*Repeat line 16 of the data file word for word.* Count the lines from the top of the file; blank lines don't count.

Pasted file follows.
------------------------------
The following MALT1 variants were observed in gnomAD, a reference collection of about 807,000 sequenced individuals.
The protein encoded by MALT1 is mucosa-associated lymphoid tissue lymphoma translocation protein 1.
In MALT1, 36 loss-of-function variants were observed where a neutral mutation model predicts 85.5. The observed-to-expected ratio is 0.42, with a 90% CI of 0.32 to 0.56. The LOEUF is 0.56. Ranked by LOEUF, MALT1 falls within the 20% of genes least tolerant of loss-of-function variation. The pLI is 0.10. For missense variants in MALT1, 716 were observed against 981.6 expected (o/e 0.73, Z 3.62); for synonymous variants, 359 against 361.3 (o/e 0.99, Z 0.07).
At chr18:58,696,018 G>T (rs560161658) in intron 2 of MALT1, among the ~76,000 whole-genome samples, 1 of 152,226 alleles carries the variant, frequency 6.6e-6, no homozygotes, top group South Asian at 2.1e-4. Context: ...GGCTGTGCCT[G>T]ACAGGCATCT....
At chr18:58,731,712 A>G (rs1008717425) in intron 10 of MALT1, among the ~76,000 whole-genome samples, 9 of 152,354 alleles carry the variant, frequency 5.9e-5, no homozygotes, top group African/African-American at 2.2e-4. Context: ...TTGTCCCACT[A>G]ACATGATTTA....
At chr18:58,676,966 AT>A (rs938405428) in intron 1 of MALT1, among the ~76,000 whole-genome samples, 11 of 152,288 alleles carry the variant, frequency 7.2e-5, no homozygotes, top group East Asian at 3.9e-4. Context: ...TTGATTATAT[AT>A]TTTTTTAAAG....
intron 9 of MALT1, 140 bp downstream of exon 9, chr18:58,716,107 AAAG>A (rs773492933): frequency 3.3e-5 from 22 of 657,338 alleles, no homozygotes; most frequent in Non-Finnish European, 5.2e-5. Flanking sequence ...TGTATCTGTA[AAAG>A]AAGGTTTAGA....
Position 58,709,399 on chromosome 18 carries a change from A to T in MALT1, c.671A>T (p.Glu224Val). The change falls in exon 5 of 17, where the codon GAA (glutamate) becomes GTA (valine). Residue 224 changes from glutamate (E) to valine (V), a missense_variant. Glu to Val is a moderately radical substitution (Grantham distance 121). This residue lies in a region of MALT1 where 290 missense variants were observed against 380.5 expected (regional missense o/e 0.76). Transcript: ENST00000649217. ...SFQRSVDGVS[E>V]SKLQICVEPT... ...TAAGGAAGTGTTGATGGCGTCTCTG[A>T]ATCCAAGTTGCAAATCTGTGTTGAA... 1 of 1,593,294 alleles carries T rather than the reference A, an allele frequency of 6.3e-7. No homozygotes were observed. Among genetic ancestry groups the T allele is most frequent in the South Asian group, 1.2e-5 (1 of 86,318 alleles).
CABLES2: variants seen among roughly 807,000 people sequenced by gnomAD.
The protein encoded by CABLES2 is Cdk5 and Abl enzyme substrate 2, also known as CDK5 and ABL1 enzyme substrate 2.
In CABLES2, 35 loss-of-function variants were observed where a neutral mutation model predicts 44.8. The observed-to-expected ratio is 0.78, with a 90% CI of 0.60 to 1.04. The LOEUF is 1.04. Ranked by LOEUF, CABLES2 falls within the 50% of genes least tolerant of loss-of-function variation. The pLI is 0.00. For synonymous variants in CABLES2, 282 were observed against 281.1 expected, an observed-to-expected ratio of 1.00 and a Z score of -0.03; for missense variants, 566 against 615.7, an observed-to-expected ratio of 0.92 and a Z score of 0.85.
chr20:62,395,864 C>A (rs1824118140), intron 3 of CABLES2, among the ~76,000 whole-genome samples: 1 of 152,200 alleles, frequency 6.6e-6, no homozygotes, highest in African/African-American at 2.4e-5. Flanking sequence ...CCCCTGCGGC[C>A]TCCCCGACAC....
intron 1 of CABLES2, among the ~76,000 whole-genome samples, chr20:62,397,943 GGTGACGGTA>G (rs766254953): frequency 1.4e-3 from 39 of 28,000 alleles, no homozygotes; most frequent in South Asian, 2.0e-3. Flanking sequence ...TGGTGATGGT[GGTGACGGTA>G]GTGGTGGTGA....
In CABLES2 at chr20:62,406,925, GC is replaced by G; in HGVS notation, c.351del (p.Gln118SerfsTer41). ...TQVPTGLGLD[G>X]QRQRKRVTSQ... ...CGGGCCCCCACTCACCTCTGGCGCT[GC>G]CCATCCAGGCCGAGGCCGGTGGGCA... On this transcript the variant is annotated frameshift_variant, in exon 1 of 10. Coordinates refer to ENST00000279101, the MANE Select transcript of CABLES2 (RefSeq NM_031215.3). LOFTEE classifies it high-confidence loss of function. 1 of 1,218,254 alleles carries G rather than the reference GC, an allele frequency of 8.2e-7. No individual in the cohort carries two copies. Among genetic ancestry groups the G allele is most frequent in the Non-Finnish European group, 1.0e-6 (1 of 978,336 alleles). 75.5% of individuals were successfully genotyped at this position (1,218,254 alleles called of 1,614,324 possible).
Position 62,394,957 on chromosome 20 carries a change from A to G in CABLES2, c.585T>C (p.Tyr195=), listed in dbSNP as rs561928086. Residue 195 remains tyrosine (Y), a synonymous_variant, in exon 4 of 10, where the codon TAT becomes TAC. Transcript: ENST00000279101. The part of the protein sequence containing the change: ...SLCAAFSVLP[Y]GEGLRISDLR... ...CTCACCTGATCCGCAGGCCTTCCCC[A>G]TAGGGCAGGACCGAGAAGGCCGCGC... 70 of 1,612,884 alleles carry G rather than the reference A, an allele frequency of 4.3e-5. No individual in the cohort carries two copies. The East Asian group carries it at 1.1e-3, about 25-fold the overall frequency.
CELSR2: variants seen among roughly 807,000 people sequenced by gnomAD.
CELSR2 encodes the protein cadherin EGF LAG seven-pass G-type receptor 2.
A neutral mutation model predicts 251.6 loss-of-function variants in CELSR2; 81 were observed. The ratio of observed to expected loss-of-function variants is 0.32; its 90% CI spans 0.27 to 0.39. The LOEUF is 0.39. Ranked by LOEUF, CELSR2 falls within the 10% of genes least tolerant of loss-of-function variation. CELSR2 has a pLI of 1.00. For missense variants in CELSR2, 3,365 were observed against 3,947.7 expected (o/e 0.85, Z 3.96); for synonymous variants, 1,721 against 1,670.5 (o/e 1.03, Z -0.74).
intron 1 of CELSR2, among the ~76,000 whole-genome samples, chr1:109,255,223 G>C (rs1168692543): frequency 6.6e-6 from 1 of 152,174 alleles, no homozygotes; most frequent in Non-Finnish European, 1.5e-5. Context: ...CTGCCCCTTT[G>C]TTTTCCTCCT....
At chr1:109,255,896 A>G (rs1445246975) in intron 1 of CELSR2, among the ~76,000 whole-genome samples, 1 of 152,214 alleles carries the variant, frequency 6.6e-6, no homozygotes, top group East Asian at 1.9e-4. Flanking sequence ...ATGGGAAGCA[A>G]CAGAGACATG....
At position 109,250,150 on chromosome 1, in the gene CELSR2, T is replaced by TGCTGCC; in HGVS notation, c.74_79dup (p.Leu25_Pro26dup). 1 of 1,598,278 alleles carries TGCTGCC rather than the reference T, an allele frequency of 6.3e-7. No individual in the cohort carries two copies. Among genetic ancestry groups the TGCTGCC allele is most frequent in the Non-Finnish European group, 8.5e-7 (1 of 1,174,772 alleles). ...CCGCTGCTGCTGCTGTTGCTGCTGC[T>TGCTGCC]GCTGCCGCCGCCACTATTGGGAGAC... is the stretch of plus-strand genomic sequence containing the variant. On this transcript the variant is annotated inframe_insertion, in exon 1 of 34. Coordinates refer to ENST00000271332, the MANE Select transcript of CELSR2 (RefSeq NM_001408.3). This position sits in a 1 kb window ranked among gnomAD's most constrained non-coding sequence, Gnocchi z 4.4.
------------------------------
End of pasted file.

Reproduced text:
CELSR2: variants seen among roughly 807,000 people sequenced by gnomAD.